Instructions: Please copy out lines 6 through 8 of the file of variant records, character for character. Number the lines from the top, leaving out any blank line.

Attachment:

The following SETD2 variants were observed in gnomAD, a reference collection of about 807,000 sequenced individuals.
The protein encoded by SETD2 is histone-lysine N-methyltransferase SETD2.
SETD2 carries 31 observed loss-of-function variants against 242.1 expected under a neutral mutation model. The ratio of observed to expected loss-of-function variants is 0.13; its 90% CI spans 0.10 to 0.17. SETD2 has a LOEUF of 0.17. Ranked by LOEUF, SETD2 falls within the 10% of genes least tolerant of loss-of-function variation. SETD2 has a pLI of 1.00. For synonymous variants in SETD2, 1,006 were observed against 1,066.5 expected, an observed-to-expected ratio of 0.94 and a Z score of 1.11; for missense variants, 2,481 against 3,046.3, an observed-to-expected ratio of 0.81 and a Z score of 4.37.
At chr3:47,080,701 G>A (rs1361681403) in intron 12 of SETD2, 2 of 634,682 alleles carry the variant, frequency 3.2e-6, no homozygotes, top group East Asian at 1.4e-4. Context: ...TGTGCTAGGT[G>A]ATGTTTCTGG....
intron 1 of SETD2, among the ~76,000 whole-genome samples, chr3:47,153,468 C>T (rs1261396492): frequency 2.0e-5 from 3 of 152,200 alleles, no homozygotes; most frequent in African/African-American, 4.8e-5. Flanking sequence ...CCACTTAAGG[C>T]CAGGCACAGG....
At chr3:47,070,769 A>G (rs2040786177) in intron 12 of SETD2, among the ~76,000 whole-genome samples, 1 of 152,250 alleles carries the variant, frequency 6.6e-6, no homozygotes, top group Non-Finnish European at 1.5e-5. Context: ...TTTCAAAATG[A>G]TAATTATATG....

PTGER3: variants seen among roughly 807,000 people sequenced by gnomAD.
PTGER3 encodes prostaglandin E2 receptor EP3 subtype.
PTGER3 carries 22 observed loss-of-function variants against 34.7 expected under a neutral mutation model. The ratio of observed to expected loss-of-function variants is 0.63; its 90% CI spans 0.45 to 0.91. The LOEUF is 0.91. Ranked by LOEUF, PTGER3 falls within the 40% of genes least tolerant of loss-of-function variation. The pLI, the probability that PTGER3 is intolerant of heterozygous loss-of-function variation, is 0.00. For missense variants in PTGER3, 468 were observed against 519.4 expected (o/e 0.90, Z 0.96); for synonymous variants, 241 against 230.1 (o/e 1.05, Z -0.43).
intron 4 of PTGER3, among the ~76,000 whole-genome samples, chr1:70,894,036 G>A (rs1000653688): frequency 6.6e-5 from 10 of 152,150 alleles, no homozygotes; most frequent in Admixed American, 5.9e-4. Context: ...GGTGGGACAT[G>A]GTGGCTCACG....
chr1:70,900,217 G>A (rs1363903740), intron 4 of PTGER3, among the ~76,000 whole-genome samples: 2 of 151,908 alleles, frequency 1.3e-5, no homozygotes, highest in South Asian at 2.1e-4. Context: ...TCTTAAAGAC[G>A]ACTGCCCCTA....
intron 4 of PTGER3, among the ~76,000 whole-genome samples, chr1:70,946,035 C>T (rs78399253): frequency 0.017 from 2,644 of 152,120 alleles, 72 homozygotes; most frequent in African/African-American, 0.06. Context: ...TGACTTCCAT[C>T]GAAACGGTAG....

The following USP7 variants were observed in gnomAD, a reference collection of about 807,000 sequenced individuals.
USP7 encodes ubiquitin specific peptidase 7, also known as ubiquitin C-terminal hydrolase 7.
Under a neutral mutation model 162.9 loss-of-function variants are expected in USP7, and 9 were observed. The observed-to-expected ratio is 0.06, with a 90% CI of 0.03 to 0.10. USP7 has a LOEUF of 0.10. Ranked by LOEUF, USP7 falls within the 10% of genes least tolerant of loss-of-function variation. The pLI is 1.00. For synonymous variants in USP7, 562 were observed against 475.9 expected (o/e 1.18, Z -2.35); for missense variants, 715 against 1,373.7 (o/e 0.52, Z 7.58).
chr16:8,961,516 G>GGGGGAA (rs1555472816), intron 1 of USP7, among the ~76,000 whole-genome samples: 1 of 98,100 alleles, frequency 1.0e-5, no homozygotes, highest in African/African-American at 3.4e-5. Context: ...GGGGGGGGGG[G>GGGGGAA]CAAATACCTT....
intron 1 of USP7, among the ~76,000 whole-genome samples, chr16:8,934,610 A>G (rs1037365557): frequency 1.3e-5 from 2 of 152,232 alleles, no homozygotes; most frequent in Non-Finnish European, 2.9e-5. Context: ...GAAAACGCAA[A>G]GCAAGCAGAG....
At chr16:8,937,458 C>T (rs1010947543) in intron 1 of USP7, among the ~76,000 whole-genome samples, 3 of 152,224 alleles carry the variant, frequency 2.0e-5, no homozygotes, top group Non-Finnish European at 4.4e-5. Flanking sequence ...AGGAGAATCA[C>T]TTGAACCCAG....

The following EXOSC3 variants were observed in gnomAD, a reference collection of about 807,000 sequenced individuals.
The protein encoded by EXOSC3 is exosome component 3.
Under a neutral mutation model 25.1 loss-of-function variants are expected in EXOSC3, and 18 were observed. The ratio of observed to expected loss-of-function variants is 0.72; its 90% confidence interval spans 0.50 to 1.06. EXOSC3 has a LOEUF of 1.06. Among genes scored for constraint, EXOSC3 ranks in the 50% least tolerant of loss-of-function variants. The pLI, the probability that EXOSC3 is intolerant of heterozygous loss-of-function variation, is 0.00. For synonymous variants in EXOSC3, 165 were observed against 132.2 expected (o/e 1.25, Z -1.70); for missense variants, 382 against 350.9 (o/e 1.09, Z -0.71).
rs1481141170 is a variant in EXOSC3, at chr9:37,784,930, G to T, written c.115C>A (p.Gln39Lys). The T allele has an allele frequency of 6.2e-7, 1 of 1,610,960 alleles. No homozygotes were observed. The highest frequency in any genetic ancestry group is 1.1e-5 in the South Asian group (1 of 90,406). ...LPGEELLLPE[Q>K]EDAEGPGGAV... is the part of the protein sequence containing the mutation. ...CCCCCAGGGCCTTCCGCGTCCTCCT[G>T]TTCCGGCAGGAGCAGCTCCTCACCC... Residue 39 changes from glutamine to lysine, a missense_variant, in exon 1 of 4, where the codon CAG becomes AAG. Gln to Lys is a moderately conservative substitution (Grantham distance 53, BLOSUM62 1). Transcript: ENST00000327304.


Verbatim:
At chr3:47,070,769 A>G (rs2040786177) in intron 12 of SETD2, among the ~76,000 whole-genome samples, 1 of 152,250 alleles carries the variant, frequency 6.6e-6, no homozygotes, top group Non-Finnish European at 1.5e-5. Context: ...TTTCAAAATG[A>G]TAATTATATG....

PTGER3: variants seen among roughly 807,000 people sequenced by gnomAD.
PTGER3 encodes prostaglandin E2 receptor EP3 subtype.